Timeless Tunesday: {Where is Thumbkin?}

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Timeless Tunesday is brought to you by one of my favorite mother goose rhymes! But seriously, it started as a rhyme, then Barney adapted it and sang it to the tune of Frere Jacques. I received a cassette tape of Barney in Concert which features this song, for my 4th birthday. I am not ashamed to say I still have it today, despite the fact that I have no tape player. The song is a fantastic way to engage children in finger play and imitation. In the past, I’ve used this activity for group music sessions, but recently, started using it to address fine motor and upper body strength goals with an occupational therapist for a 1:1 client (yay for co-treating!).  To adapt the activity, I held my guitar up in the air, and for each verse that “finger” strummed the guitar chords.

Where is Thumbkin, Where is Thumbkin (hide hands behind your back)

Here I am, Here I am (bring right hand around, then left hand)

Play my guitar, Play like me (OT strums guitar to demonstrate, then client uses the thumb to imitate)

Come and play, play the guitar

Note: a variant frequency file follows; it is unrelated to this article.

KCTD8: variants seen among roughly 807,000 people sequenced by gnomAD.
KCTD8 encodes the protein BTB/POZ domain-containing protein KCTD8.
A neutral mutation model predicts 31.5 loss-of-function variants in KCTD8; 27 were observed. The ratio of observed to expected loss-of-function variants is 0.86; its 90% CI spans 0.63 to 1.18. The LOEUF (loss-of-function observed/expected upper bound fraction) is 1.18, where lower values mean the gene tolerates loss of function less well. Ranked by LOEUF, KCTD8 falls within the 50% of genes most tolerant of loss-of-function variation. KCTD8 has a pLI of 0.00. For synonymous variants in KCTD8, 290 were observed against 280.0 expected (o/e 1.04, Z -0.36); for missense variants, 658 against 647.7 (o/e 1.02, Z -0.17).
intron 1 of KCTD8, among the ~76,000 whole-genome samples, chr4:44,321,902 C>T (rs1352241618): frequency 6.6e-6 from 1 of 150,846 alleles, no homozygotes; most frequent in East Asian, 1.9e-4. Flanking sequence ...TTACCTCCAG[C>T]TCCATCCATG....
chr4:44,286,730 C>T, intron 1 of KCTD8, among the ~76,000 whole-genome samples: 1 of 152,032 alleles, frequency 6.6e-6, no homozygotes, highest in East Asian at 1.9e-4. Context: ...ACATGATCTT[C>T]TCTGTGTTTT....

Repeat this each time with pointer, tall man, ring, and pinky fingers.

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Friday Favorite: {At the Bottom of the Sea}

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It’s another “Minnesota’s closed” day due to the wonderful new batch of snow dumped on us last night. Because I can’t share one of my new favorite activities with my ECSE classroom this morning, I’m going to share it with you! Enjoy your day inside, and hopefully this intervention will inspire you to daydream of warmer oceans 🙂

This activity is adapted from the song “At the Bottom of the Sea” by Ralph’s World. Here is a link for the song. You will need a large blue scarf (the texture is a great sensory item) and several beanie ocean animals. I use a jellyfish (open to interpretation as an octopus as well), crab, colorful fish etc. and put them in a small cloth bag to “hide”.

Begin by moving the scarf up and down with large, slow movements and sing…

At the bottom of the sea

Where the mermaids murmur

You’ll find me

At the bottom of the sea

At the bottom of the sea

Where the crabs walk backwards

You’ll find me

At the bottom of the sea